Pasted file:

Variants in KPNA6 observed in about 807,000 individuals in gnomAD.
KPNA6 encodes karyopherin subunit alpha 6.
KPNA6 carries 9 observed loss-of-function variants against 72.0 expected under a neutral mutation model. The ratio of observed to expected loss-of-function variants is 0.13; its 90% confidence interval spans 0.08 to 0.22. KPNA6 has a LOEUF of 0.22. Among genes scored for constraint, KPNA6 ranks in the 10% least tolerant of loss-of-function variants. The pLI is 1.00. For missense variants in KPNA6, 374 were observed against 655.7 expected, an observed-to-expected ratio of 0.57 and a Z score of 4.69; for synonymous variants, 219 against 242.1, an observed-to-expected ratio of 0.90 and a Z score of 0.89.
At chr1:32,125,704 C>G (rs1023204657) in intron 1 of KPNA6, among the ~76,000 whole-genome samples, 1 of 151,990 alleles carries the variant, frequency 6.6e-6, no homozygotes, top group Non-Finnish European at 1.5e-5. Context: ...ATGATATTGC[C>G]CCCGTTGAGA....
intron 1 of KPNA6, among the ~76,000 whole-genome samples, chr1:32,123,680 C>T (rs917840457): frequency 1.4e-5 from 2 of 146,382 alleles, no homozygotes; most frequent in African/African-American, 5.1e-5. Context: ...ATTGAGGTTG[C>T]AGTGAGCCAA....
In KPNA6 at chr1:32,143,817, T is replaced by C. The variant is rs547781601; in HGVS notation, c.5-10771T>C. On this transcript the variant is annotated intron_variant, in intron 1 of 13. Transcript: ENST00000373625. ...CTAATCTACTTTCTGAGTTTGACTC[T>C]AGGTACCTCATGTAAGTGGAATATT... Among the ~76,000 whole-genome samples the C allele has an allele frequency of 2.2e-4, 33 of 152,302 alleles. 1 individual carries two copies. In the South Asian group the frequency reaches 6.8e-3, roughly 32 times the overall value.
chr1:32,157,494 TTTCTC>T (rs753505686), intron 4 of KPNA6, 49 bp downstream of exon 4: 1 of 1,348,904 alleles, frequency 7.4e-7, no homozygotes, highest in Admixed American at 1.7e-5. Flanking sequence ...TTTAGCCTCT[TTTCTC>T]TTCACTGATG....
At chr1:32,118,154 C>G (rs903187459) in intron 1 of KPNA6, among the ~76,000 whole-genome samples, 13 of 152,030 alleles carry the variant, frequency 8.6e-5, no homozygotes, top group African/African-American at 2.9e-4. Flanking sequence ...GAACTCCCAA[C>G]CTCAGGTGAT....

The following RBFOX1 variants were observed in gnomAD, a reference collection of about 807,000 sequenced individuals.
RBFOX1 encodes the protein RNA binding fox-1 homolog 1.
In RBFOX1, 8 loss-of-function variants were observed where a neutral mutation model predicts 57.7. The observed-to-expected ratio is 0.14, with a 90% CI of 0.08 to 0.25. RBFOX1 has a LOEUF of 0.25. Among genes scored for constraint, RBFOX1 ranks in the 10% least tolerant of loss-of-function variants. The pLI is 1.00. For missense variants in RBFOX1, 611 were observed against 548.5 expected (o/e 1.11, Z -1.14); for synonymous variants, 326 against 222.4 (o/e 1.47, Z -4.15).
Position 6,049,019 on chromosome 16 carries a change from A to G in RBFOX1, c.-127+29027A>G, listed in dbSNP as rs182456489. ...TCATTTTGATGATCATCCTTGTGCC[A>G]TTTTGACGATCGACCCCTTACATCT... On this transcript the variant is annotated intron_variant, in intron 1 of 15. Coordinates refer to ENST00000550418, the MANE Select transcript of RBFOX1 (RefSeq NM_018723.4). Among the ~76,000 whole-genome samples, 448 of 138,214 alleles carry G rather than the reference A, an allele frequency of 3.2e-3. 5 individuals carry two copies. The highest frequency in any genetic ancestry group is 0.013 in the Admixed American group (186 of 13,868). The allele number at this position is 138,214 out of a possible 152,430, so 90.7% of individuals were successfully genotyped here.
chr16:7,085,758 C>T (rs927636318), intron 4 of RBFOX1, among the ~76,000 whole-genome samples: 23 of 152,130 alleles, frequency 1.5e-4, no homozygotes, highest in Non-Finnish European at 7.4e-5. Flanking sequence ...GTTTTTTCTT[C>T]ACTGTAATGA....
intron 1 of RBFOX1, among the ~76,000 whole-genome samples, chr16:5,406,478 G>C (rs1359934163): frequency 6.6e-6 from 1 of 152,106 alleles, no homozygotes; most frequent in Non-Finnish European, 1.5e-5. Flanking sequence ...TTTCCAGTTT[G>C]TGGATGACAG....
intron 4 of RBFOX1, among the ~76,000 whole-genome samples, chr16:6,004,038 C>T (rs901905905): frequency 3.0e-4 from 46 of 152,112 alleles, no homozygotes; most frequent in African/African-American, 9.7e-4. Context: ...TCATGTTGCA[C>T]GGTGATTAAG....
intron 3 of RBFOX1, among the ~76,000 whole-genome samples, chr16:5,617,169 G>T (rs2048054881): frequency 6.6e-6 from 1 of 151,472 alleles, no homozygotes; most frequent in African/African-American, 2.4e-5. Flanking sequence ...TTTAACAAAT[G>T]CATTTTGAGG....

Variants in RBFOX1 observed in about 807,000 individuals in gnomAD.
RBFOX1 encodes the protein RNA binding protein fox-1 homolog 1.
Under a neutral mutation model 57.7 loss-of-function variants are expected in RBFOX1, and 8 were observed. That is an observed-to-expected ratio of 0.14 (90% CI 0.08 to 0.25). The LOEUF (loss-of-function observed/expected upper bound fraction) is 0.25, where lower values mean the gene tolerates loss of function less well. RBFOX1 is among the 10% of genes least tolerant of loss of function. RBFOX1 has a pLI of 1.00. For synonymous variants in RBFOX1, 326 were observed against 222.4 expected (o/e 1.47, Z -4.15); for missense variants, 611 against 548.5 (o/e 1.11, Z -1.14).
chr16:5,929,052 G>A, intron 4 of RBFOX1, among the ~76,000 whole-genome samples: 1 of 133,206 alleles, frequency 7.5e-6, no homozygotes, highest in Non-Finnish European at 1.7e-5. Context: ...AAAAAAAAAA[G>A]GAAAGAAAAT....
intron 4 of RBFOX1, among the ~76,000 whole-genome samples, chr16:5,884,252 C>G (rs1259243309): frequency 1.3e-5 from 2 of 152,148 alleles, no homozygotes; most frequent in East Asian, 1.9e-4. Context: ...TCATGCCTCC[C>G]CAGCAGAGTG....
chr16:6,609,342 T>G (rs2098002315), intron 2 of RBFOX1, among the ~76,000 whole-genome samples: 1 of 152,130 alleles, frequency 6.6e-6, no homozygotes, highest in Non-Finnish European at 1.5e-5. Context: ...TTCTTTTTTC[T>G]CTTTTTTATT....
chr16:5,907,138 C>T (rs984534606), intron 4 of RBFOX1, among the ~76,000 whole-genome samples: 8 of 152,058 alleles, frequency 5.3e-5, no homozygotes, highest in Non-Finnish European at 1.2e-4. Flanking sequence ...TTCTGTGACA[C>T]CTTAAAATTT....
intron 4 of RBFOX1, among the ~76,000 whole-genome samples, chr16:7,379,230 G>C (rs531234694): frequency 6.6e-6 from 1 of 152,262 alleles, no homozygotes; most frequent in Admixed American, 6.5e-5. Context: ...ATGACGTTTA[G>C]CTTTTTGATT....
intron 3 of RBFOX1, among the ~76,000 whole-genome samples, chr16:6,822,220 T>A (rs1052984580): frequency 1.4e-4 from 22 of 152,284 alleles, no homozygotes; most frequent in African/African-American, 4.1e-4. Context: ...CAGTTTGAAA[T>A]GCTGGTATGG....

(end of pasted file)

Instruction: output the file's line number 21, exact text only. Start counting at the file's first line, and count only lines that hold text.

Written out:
intron 4 of RBFOX1, among the ~76,000 whole-genome samples, chr16:5,884,252 C>G (rs1259243309): frequency 1.3e-5 from 2 of 152,148 alleles, no homozygotes; most frequent in East Asian, 1.9e-4. Context: ...TCATGCCTCC[C>G]CAGCAGAGTG....